Heart disease and diabetes in South East Asians: a rising epidemic

Updated: Aug 8

25 percent of the world's population carry the burden of 60 percent of the world's heart disease. The high incidence of heart disease in the South East Asians presents a major public health crisis and warrants a discussion.


The threats to our cardiovascular health have been largely unknown, until recently. This is because, we were clubbed together with other East Asians with much lower risk of heart diseases.


The MASALA study (Mediators of Atherosclerosis in South Asians Living in America) is being conducted on more than a 1000 South Asian women and men aged 40-84 years as we speak. The study is funded by the National Heart, Lung, and Blood Institute.


One of the first clues to explain increased risk of heart disease was provided by the MASALA study.

South Asians were found to have more fat in the abdominal area, the liver and around the heart. Even though South Asians typically have low BMI, even normal waist circumference at times, this accumulation of fat around internal organs causes different types of inflammation and activates certain biological pathways that contribute to cholesterol plaque formation in blood vessels.



South East Asians have been noted to have smaller than usual blood vessels supplying the heart, which may explain more vulnerability to blockages.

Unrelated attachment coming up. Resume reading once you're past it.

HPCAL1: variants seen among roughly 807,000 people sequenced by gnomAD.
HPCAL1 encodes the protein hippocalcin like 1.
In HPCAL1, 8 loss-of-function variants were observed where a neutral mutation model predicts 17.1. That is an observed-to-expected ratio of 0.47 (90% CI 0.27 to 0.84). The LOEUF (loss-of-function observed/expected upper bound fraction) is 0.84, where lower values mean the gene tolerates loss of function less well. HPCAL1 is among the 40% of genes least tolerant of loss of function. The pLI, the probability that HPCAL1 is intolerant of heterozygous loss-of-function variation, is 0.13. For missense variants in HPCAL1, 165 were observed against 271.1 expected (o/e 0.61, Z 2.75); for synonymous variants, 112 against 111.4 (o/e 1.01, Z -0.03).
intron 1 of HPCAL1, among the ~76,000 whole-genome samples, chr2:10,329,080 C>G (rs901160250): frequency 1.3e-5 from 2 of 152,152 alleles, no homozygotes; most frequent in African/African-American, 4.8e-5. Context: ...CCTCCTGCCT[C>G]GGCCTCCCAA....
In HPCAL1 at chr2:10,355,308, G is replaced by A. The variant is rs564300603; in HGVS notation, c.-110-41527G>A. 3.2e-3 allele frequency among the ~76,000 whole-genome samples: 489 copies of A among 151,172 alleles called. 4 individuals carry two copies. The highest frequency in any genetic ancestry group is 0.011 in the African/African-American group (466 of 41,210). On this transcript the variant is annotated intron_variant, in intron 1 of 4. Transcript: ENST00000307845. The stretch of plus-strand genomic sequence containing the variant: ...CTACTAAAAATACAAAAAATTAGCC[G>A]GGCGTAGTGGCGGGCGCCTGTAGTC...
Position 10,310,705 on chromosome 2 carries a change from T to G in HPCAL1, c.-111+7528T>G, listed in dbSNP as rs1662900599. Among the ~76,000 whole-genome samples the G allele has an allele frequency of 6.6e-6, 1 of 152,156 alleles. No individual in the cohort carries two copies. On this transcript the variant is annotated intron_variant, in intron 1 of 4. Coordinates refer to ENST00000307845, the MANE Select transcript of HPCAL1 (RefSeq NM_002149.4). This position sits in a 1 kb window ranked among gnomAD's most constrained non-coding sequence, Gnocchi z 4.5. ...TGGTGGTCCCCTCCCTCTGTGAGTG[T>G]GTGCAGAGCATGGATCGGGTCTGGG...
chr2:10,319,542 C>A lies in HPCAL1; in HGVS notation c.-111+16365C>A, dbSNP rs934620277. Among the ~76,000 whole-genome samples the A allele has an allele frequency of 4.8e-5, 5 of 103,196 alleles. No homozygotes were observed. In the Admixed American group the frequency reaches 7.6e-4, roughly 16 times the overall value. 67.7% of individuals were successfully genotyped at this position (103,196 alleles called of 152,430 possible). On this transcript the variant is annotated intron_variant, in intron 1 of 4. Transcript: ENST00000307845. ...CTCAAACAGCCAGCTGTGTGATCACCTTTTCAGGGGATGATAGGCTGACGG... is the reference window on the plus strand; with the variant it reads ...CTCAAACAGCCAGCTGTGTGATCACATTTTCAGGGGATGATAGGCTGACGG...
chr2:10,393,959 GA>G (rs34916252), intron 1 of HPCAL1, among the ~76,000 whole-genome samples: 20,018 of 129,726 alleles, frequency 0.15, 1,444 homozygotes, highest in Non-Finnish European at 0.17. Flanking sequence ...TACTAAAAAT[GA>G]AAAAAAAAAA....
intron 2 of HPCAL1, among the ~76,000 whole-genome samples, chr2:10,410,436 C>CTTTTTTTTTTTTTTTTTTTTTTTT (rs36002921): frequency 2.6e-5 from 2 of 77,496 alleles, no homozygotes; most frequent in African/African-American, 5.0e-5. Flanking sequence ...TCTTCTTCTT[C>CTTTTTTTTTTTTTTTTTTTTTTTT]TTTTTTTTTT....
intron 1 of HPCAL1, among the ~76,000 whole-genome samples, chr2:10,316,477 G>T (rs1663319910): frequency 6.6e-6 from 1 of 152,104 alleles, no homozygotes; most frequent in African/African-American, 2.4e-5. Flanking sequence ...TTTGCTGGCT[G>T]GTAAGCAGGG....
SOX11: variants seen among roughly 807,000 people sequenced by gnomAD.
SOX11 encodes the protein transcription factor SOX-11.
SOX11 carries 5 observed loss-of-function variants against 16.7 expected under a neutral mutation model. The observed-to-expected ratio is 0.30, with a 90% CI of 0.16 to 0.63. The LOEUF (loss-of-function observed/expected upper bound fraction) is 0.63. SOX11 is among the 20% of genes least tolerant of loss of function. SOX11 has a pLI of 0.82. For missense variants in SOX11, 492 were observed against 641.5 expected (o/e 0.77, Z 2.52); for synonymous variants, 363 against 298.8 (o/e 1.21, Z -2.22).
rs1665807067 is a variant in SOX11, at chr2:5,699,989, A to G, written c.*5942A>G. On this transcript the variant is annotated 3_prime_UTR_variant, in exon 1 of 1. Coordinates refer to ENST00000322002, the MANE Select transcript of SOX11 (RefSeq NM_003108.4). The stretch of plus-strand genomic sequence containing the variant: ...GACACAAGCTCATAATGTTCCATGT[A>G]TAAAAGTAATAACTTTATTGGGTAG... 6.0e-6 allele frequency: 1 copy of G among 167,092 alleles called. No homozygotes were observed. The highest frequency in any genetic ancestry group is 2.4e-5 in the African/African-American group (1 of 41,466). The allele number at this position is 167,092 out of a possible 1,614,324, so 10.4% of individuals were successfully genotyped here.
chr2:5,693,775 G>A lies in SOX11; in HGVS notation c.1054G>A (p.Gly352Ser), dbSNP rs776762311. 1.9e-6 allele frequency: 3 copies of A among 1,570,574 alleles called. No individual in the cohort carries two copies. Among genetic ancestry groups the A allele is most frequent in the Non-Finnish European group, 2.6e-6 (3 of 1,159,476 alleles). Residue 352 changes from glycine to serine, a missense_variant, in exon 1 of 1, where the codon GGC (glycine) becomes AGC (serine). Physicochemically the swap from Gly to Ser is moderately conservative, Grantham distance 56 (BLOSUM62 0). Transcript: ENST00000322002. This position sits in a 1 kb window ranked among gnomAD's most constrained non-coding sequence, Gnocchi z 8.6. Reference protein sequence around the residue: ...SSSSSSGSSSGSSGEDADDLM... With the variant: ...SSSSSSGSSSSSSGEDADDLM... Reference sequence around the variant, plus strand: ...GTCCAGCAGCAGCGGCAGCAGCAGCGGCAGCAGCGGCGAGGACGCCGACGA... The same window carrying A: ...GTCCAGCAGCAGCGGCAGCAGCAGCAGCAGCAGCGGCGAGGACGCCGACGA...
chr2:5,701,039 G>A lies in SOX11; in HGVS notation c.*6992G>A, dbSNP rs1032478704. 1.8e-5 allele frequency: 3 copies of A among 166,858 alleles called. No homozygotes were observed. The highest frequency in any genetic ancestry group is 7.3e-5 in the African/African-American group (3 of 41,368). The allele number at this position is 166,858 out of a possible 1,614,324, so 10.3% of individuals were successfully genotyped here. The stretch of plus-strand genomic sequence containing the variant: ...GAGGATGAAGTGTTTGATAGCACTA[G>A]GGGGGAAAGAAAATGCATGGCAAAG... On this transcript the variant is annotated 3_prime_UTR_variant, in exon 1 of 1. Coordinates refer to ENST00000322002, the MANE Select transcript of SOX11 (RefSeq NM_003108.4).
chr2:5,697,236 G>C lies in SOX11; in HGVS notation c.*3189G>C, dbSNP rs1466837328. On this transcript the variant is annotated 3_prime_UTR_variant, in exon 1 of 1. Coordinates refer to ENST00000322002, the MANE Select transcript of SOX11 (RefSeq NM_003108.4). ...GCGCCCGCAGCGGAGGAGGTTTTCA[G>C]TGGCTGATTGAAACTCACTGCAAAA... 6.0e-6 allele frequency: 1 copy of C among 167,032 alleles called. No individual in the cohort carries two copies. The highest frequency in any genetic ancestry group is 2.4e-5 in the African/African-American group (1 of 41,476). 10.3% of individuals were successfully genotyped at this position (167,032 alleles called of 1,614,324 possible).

South Asians are more likely to require a bypass surgery than other ethnicities.

25% of heart attacks occur under age 40 for young South Asians, and 50% occur under age 50. This is not too different from mainstream population however, with 20% heart attacks happening before 40 nowadays across all ethnicities.


However, South Asians develop coronary artery disease up to 10 years earlier than the general population, on average.


There is a 40% higher chance of dying from heart attacks among South Asians than the average population.


The greatest risk factor in South Asians is twofold higher rates of type 2 diabetes compared to their Caucasian counterparts.



As a result of these findings, the American Diabetes Association and the World Health Organization have recommended lowering the BMI cutoffs for defining overweight and obesity in South Asians to increase the identification of cardiometabolic risk in this population.

The WHO recommends using 23 kg/m2 and 27.5 kg/m2 for overweight and obesity, respectively.




Key takeaways:

South East Asians are more prone to heart disease and diabetes despite normal or near normal body weight.

Ideal BMI for south East Asians is 23( 25 for rest of the world). Sorry folks 😔. This is to allow more aggressive screening and treatment of risk factors.

Earlier screening for heart disease and diabetes should be considered in South East Asians ( in early 30s). There should be lower threshold of treating risk factors.

Frank discussion with your healthcare team may sometimes be necessary, as more often than not your healthcare team may not be aware of the situation in this sub population.

More research is needed going forward from here, there is also need for increased awareness. Not everyone has the same risk and there may be one or more specific triggers in this sub population that is yet to be identified.


South East Asians mean people with Indian, Pakistani, Bangladeshi, Nepalese, Bhutanese, SriLankan or Malaysian descent.


Some of this data is derived from first generation of south East Asians in United States, but likely has widespread applicability.


Do you have friends or family members affected by early onset heart disease?






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